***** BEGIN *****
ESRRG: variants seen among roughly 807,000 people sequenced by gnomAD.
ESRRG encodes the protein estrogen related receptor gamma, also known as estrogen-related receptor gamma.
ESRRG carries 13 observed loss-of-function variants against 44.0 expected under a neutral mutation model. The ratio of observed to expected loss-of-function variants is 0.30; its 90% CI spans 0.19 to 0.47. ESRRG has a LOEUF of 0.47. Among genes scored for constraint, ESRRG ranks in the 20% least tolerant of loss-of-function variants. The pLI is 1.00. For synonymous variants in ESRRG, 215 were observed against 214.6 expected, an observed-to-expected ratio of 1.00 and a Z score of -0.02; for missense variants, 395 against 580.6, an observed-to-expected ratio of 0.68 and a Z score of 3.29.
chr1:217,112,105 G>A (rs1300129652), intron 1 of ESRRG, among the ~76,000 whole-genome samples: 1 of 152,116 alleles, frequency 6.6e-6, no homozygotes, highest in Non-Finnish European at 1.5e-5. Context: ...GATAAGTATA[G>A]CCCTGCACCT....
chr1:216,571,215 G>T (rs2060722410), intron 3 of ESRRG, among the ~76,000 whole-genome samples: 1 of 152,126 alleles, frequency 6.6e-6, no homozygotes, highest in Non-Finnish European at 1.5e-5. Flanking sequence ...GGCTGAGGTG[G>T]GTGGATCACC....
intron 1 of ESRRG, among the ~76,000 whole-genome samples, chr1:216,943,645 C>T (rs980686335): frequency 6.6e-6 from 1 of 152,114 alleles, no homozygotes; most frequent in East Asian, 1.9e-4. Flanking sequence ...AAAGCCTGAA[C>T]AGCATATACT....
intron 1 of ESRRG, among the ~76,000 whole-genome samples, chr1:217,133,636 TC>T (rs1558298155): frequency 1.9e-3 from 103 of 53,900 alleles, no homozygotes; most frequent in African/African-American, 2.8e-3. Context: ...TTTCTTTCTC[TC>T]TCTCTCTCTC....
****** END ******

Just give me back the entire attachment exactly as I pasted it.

ESRRG: variants seen among roughly 807,000 people sequenced by gnomAD.
ESRRG encodes the protein estrogen related receptor gamma, also known as estrogen-related receptor gamma.
ESRRG carries 13 observed loss-of-function variants against 44.0 expected under a neutral mutation model. The ratio of observed to expected loss-of-function variants is 0.30; its 90% CI spans 0.19 to 0.47. ESRRG has a LOEUF of 0.47. Among genes scored for constraint, ESRRG ranks in the 20% least tolerant of loss-of-function variants. The pLI is 1.00. For synonymous variants in ESRRG, 215 were observed against 214.6 expected, an observed-to-expected ratio of 1.00 and a Z score of -0.02; for missense variants, 395 against 580.6, an observed-to-expected ratio of 0.68 and a Z score of 3.29.
chr1:217,112,105 G>A (rs1300129652), intron 1 of ESRRG, among the ~76,000 whole-genome samples: 1 of 152,116 alleles, frequency 6.6e-6, no homozygotes, highest in Non-Finnish European at 1.5e-5. Context: ...GATAAGTATA[G>A]CCCTGCACCT....
chr1:216,571,215 G>T (rs2060722410), intron 3 of ESRRG, among the ~76,000 whole-genome samples: 1 of 152,126 alleles, frequency 6.6e-6, no homozygotes, highest in Non-Finnish European at 1.5e-5. Flanking sequence ...GGCTGAGGTG[G>T]GTGGATCACC....
intron 1 of ESRRG, among the ~76,000 whole-genome samples, chr1:216,943,645 C>T (rs980686335): frequency 6.6e-6 from 1 of 152,114 alleles, no homozygotes; most frequent in East Asian, 1.9e-4. Flanking sequence ...AAAGCCTGAA[C>T]AGCATATACT....
intron 1 of ESRRG, among the ~76,000 whole-genome samples, chr1:217,133,636 TC>T (rs1558298155): frequency 1.9e-3 from 103 of 53,900 alleles, no homozygotes; most frequent in African/African-American, 2.8e-3. Context: ...TTTCTTTCTC[TC>T]TCTCTCTCTC....